I was getting kicked out of church before I was old enough to remember.
Yeah. I guess it does.
And if you are still reading, I would like you to imagine for a moment just how many people in this old world couldn’t give a rip. I mean, just as a category of issues to write about – church, Jesus, life in the Spirit (or not). Who cares?
Yeah. If you are still reading this, and if you care about these things in the slightest, then you are already in a minority. If you are still reading here and care that I was kicked out of church since before I can even remember, you are in a truly small minority. Glad to have you still with me. Let’s get into it…
My dad wasn’t a preacher when I was born, and he is not one today either, but for a long stretch of my formative years, he was. And he was a preacher among the ranks of the “churches of Christ” – a graduate of the esteemed Sunset School of Preaching. And for those unfamiliar with the “churches of Christ” (or those who only see us as the group that does not use instrumental music), one of the key factors you may have missed is that preachers in this denomination* are not (necessarily) pastors. In fact, they rarely are.
This difference is subtle, at first glance, but deep. And in a very real sense, the preacher is a hired hand – his primary role an employee of the church (a “brother” only secondarily (if that)), and he is not the boss at all. In most churches of other denominations, the pastor may well answer to a governing body of various types, but he also acts somewhat like an entrepreneur – a man who starts a business and runs it himself. However, in the “churches of Christ”, there is what we call “a plurality of pastors”, but they normally go by the title “elder” instead of pastor. (To be fair, congregational autonomy dictates that there may be subtle differences even between “churches of Christ”, but the uniformity is quite remarkable, actually).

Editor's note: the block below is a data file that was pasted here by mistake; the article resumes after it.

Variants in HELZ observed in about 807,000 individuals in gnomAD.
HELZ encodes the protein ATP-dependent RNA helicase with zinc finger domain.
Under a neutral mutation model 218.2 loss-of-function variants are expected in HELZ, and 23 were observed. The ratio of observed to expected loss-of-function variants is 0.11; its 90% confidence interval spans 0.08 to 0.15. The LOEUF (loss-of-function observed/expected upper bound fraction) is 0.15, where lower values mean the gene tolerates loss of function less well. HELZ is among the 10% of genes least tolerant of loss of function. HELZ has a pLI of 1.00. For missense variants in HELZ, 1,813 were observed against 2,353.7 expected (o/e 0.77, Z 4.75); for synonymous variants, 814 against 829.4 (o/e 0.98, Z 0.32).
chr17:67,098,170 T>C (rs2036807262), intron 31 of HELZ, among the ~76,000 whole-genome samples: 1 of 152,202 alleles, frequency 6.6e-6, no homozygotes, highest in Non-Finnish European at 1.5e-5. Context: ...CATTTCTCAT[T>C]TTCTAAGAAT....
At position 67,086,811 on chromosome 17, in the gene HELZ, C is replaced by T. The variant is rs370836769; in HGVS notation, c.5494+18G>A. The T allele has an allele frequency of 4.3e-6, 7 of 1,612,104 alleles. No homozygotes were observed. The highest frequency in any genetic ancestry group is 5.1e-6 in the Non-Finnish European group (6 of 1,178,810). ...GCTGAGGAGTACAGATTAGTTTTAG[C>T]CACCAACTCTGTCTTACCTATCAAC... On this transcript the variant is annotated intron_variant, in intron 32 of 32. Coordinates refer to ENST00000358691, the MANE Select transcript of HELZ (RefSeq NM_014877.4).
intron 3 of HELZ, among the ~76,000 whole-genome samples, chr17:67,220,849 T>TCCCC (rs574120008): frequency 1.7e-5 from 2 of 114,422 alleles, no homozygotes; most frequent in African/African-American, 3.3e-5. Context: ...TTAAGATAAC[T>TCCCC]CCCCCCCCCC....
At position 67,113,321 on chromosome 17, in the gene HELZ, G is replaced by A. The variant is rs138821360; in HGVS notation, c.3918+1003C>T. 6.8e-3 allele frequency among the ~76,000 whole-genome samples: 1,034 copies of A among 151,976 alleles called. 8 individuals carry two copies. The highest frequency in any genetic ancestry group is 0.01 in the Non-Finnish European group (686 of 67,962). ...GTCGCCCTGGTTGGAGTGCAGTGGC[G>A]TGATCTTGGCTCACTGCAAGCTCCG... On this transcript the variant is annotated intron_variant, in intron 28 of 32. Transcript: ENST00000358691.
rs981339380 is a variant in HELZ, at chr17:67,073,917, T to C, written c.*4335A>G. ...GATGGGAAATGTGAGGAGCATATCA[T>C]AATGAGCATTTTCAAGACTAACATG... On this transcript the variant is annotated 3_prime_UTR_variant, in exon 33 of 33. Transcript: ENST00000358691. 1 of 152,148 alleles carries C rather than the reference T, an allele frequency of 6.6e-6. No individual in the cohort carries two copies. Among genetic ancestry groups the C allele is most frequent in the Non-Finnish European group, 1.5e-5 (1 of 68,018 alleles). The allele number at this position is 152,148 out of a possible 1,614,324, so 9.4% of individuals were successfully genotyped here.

Anyway, my reason for laying all that out is to show that the preacher in this denomination answers to the pastors/elders (or committees if no elders are currently appointed). Typically the congregation enters into a contract with a preacher which may or may not be renewed in one, two, or three years (typically). And this gives a church an employer’s leverage over a preacher who must then perform to their liking in order to keep his job.
Ironic, don’t you think? The preacher, like a politician, is faced with whether to serve his altruist ideals or the voters whims. But in this case, the model is more business oriented, and as so it’s more like a board of directors’ whims. And if you don’t perform to the expectations the boss wants, then you are out on your ear soon enough. And somehow that surely is not “biblical” – the very thing “churches of Christ” historically pride themselves on being.
What can I say? Apparently my old man chose to honor his altruist ideals (serve God at all costs) rather than bend the knee to lesser forces. I am not arguing that he was always in the right, though to my way of thinking he was and I will claim it. But the dynamic that I am talking about here does not require me to argue his virtue. It is the system I am putting on trial here, not the individual decisions. Point being, when my dad, the preacher, chose to stand up for a woman effectively caught in the act and defend her expression of repentance, some of the men in charge (who likely had conflicted feelings of lust themselves) felt she should be shunned instead in order to discipline her thoroughly, and in the end Dad was canned. (That’s just one example among many – MANY!)